The United Nations Security Council (UNSC) will hold an emergency meeting today in New York after North Korea claimed it had carried out a "successful" hydrogen bomb test, diplomats said.
The closed-door morning talks between the 15 member nations were called by the United Nations and Japan.
"While we cannot confirm at this time that a test was carried out, we condemn any violation of UNSC Resolutions and again call on North Korea to abide by its international obligations and commitments," US mission spokeswoman Hagar Chemali said.
If the test was indeed a hydrogen bomb, it would mark a significant increase in capabilities from the North, which previously tested far less fission blasts generated by uranium or plutonium.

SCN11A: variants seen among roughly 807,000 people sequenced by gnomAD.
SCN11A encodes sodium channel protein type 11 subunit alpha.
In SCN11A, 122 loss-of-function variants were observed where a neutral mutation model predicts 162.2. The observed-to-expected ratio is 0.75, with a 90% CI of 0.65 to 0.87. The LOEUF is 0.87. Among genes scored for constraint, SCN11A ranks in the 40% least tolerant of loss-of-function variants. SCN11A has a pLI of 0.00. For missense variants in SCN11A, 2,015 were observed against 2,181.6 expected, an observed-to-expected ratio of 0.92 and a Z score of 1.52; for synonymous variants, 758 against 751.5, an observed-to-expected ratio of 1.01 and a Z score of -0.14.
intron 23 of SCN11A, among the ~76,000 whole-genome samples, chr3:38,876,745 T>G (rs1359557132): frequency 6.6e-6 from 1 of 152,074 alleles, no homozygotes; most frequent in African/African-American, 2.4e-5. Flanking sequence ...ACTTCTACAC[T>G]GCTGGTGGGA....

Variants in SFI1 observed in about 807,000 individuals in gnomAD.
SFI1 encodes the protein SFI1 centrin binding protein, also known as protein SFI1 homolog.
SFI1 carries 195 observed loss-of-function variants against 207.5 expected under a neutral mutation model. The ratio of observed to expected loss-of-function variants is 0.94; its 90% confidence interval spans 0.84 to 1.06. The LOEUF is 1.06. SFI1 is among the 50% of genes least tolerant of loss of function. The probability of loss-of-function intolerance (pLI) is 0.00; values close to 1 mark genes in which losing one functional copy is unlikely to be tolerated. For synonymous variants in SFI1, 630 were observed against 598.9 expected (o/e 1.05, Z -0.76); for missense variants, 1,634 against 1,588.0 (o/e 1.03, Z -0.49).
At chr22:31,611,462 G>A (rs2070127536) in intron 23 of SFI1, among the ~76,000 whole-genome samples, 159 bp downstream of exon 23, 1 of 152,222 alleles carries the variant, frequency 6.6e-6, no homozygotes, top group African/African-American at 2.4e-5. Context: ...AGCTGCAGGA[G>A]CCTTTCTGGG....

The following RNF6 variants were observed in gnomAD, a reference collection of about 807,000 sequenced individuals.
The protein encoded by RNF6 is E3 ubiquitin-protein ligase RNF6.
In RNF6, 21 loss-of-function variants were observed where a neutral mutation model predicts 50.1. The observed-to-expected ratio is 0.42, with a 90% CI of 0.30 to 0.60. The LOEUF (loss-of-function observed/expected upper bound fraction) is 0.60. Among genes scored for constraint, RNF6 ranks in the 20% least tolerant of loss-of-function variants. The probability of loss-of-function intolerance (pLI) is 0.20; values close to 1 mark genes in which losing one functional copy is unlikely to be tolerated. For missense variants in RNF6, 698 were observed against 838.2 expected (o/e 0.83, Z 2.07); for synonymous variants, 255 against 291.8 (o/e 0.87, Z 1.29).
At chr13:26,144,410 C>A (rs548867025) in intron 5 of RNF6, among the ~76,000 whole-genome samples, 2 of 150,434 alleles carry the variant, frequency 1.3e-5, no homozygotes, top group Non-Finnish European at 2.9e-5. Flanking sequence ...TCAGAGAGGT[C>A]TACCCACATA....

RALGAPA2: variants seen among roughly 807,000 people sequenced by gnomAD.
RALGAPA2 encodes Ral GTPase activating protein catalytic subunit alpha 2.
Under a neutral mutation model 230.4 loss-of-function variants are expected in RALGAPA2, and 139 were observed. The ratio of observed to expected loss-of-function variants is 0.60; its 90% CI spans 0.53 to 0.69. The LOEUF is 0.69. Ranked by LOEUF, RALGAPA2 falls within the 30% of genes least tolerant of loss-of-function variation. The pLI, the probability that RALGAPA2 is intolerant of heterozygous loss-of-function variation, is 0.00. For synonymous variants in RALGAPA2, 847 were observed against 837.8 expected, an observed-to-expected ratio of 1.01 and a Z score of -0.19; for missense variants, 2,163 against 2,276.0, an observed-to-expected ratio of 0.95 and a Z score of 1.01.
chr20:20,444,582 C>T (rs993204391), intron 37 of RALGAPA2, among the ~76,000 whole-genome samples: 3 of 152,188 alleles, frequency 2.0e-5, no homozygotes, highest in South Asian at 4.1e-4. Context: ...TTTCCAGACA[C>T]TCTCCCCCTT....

A hydrogen, or thermonuclear device, uses fusion in a chain reaction.
If North Korea's claim is confirmed, it would massively raise the stakes around its banned nuclear program and likely trigger tougher international sanctions.
Pyongyang has carried out three previous nuclear tests -- in 2006, 2009 and 2013 -- which led to a series of sanctions from the United Nations.
Several UN resolutions ban the reclusive North from any nuclear activity or ballistic missile technology.
At the council, Pyongyang ally Beijing regularly tries to shield the North from condemnation or sanctions, while Washington repeatedly denounces the communist regime and its human rights violations.
Japan joined the council on January 1 under a two-year mandate as a non-permanent member.